Forty Attributes of Arrogance from Mahabharata
Mahabharata, one of the greatest and oldest of the Vedic scriptures, states that the material world was created for arrogant people. People who compete with each other, who are full of material desires, and are always busy and never satisfied. We take pride in being independent not only from each other but also from the Creator.
Vedic scriptures proclaim the law saying that a living being can find true happiness only in relationship with other living beings, not in material things like wealth, reputation, or power. We need to learn to use material things and enjoy relationships with others although we try to enjoy material stuff and use other living beings.
According to Vedic knowledge, arrogance is the root of all sixteen types of dirt that is present in the human heart. In Sanskrit, arrogance is called sva-pratistha (the desire for fame or pride). All our weaknesses, such as jealousy, anger, lust, delusion, greed, and so on, are rooted in arrogance.
Arrogance leads to an enormous number of errors, causing suffering to ourselves and others. That is why the Vedas say that a living being should overcome this quality to get rid of all other imperfections originating from it. We need to cleanse the heart from all that binds us, what does not allow us to show the huge inner potential that is hidden under the thick layer of arrogance.
Here are the forty sings of arrogance within us.
- Conviction that I am always right
- Patronizing attitude towards others
- Sense of self-importance
- Deprecation of oneself and others
- The idea that I am better than others are – boasting
- The tendency to put an opponent at a disadvantage
- Desire to control the situation without taking responsibility for it
- Haughty attitude, vanity
- Flaunting of wealth, clothes, and other things
- Not allowing others to help
- Taking an impossible task
- Desire to attract attention
- Touchiness caused by desire to control
- Excessive talkativeness (See Prajalpa – Idle Talking that Destroys our Destiny)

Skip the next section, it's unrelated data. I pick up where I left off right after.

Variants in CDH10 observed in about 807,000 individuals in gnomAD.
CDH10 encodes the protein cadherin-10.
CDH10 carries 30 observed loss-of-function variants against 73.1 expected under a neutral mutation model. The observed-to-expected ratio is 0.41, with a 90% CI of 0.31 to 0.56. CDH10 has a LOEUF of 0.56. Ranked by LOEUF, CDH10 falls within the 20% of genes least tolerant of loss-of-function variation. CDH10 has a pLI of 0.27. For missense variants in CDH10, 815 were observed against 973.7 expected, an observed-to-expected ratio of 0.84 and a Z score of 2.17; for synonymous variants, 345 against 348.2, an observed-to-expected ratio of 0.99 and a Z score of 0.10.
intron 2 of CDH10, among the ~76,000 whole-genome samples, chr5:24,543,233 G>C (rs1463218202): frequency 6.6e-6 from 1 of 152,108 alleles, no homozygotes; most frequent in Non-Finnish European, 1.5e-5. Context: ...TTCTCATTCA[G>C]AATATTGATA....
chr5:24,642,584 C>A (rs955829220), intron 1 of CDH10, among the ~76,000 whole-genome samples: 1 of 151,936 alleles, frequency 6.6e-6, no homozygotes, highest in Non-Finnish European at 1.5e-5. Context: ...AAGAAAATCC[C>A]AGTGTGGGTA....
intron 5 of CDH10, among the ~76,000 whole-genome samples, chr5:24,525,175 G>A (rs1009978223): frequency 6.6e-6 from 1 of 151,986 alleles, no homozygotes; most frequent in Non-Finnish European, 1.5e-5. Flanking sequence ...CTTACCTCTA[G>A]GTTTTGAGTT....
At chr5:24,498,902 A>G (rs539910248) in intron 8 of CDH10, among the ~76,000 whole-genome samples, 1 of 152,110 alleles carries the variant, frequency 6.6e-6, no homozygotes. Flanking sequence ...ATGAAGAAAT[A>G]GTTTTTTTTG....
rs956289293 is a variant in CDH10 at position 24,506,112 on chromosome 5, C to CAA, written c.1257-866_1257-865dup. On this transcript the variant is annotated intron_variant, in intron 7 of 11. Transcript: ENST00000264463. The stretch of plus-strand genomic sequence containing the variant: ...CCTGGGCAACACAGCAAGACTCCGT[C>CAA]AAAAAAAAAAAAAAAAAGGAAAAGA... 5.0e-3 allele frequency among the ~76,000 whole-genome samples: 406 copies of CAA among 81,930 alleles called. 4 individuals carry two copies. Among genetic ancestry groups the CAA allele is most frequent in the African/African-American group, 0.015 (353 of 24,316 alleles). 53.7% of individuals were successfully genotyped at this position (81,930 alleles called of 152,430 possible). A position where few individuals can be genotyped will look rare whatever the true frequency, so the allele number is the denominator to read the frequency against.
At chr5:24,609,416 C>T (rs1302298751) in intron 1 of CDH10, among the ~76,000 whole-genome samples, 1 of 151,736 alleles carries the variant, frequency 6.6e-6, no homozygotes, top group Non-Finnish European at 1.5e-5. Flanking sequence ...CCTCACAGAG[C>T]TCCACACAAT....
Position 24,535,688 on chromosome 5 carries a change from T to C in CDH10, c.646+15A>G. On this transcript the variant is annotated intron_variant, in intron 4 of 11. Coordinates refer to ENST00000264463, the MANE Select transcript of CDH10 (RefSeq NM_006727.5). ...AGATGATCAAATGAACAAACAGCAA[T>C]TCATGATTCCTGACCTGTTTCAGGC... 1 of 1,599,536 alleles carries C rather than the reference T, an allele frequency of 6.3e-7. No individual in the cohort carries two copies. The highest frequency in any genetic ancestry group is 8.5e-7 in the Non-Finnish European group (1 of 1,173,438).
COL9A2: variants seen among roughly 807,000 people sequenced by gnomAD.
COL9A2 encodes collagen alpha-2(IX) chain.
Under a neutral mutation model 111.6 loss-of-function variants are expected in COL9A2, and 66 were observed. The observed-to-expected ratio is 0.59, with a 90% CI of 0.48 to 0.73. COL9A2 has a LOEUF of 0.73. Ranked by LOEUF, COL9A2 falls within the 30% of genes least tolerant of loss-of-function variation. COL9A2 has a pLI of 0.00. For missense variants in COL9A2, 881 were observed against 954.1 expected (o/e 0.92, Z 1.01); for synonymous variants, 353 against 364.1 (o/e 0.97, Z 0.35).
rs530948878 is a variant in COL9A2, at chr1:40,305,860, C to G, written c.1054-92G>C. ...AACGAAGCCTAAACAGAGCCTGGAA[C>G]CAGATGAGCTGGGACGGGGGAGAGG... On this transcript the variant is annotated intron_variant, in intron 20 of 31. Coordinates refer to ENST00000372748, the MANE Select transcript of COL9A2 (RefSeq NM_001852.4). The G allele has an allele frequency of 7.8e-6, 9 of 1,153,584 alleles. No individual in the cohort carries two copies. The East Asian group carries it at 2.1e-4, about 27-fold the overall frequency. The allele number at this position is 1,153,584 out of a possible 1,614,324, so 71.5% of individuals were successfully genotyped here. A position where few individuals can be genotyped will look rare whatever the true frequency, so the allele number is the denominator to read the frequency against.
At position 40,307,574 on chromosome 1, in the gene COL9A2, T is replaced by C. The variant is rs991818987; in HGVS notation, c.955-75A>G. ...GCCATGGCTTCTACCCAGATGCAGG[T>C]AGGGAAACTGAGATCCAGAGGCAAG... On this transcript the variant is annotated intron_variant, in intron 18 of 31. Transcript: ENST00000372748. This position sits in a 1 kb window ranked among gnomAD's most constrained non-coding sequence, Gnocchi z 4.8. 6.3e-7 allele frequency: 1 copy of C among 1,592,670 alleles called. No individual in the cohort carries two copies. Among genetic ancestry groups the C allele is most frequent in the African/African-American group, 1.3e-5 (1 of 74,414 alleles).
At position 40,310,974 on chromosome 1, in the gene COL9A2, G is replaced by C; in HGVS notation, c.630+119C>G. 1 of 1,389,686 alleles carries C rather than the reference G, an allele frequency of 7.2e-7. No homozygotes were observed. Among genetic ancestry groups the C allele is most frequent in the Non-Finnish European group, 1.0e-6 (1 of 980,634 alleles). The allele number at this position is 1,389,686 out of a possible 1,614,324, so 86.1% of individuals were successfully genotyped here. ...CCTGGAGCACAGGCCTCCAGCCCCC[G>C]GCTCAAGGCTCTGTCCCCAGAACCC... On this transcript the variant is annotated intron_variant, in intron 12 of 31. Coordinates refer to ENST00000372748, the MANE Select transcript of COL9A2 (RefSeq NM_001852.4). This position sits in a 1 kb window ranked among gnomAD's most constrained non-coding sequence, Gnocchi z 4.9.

- Excessive sensitivity or insensitivity
- Too much attention to oneself, constant looking in the mirror
- Worrying about what others are thinking or saying of you
- Intentional use of words that others do not know or do not understand
- Feeling of worthlessness
- Not forgiveness of self and others
- Desire to idealize oneself or others
- Different patterns of behavior with different people
- Ignoring “little” people
- Inattentiveness (when studying Holy Scriptures)
- Speaking daggers
- Raising voice in anger and annoyance
- Rebellion and criticism of authorities (God, Guru, Holy person or Holy Scriptures)
- Lack of self-esteem
- Recklessness and foolishness
- Unfairness towards oneself and others
- Inability to compromise
- The desire always to have the last word
- Unwillingness to share one’s knowledge in order to control the situation
- Inattention or excessive attention to the physical body
- The desire to solve other people’s problems (when they are not asking for it)
- Prejudging people by their appearance
- Excessive self-esteem
- Sarcasm, striving to make fun of others
The true deliverance from the quality of arrogance is possible after we find an answer to the questions: Who am I? What is the universe around me? What is my right position here? After realizing that we are neither creators nor controllers here, a true harmony with the world might be possible.